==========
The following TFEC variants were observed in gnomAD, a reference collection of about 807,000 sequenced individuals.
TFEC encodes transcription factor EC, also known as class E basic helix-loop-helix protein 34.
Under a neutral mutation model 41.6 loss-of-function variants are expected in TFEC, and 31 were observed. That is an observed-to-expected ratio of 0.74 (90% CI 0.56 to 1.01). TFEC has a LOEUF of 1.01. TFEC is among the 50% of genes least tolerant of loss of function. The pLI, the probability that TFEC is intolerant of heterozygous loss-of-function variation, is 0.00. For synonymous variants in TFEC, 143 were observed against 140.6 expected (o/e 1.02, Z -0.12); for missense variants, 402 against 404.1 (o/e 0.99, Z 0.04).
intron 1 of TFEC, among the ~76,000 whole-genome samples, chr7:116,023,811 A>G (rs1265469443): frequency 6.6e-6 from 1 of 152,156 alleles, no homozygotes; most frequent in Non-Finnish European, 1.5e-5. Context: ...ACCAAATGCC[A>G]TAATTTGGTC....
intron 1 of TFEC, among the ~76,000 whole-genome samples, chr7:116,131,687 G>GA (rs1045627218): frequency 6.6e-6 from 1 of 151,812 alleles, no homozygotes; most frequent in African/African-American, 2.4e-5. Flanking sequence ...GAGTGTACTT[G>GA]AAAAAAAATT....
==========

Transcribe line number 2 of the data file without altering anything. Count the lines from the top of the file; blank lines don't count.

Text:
TFEC encodes transcription factor EC, also known as class E basic helix-loop-helix protein 34.